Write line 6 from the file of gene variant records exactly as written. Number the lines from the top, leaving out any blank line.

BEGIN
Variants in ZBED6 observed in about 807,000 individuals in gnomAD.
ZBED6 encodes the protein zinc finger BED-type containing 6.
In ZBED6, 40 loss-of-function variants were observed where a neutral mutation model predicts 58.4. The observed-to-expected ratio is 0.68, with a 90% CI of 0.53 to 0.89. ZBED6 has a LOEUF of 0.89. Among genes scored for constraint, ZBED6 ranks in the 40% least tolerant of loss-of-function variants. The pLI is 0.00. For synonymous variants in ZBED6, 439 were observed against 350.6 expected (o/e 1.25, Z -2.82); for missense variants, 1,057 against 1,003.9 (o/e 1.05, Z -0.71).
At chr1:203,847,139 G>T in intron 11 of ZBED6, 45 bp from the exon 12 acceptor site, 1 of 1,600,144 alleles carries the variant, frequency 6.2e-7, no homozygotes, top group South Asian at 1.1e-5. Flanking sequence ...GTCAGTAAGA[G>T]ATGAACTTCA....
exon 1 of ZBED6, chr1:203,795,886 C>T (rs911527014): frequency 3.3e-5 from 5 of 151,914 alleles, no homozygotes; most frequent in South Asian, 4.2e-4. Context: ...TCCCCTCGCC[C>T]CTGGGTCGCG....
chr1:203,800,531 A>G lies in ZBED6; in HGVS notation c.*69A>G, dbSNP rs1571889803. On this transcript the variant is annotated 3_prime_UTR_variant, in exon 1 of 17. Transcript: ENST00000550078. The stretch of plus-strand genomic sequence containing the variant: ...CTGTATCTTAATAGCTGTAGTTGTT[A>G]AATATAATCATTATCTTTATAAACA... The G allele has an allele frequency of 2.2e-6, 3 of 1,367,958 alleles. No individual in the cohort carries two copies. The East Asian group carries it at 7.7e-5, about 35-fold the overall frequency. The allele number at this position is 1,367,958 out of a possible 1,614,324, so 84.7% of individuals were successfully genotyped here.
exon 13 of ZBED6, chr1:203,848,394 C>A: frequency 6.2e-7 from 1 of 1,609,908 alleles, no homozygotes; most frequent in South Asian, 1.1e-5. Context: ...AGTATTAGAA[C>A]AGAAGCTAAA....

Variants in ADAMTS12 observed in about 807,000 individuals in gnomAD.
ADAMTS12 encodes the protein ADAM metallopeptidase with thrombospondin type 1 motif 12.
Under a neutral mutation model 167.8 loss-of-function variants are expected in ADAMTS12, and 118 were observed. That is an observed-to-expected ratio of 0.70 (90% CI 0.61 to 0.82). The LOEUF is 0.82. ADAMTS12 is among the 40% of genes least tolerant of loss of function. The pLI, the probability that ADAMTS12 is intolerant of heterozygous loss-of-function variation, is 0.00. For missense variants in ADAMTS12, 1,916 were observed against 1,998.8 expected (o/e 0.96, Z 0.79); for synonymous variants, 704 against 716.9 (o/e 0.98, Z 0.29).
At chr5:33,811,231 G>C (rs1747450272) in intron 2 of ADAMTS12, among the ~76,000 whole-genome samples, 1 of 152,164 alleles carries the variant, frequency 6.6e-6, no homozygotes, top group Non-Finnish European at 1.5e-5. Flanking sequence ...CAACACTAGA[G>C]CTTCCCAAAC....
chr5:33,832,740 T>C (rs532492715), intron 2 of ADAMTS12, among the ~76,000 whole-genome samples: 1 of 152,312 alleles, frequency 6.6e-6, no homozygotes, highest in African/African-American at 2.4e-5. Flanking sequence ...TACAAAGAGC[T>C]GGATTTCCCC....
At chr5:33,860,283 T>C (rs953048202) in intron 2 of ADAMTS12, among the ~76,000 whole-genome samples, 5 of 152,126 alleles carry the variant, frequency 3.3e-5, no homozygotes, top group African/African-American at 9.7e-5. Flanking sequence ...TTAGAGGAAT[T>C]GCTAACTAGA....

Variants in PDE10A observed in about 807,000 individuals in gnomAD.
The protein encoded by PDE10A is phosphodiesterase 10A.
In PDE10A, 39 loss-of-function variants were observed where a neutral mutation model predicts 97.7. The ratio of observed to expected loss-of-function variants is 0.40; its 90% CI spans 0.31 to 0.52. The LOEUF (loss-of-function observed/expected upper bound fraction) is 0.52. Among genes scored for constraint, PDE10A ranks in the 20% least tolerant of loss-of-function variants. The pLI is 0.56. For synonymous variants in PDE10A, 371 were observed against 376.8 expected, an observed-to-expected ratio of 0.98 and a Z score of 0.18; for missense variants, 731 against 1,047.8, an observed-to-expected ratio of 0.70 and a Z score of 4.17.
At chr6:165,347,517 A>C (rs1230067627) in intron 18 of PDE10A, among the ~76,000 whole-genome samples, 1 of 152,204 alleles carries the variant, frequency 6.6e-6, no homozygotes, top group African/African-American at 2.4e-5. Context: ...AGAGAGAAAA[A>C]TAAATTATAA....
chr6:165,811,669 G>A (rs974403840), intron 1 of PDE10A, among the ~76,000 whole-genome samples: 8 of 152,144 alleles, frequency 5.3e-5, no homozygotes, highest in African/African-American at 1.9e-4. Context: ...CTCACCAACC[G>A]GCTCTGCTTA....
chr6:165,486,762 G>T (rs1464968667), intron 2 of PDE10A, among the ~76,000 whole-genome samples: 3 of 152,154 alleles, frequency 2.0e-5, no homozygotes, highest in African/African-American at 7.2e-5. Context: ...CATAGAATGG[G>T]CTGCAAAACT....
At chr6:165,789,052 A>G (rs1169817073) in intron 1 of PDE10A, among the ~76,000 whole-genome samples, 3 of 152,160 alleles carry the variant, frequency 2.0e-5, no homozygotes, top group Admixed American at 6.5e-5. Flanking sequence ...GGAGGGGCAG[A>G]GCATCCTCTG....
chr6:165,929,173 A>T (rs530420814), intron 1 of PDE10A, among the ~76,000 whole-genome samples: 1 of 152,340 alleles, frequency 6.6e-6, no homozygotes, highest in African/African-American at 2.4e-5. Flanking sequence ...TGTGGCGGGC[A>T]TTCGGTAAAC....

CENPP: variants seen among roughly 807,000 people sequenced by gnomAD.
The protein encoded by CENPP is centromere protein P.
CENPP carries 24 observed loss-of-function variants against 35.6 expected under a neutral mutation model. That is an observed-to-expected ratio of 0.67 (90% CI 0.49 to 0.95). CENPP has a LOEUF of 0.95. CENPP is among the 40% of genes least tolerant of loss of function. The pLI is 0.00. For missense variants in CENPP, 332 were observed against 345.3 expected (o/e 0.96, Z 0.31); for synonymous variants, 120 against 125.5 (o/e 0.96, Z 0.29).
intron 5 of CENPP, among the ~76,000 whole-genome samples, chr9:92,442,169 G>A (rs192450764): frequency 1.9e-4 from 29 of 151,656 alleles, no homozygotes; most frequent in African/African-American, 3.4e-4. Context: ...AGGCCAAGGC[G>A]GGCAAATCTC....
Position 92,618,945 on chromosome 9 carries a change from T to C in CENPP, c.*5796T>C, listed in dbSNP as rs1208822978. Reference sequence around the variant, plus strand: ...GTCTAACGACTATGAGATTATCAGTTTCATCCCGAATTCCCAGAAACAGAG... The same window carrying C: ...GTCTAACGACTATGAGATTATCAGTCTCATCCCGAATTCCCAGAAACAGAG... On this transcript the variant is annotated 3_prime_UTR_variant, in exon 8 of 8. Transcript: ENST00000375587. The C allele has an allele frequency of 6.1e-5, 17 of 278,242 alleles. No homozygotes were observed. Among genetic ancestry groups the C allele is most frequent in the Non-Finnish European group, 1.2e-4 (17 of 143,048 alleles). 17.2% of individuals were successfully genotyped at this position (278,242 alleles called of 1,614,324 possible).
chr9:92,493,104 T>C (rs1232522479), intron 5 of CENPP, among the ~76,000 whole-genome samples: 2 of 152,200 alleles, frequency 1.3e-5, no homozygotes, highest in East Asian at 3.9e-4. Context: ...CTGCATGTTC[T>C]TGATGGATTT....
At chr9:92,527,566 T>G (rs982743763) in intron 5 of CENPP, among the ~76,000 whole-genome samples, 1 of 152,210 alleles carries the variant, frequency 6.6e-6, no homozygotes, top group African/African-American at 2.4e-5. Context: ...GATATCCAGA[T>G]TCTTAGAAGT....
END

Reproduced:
chr1:203,800,531 A>G lies in ZBED6; in HGVS notation c.*69A>G, dbSNP rs1571889803. On this transcript the variant is annotated 3_prime_UTR_variant, in exon 1 of 17. Transcript: ENST00000550078. The stretch of plus-strand genomic sequence containing the variant: ...CTGTATCTTAATAGCTGTAGTTGTT[A>G]AATATAATCATTATCTTTATAAACA... The G allele has an allele frequency of 2.2e-6, 3 of 1,367,958 alleles. No individual in the cohort carries two copies. The East Asian group carries it at 7.7e-5, about 35-fold the overall frequency. The allele number at this position is 1,367,958 out of a possible 1,614,324, so 84.7% of individuals were successfully genotyped here.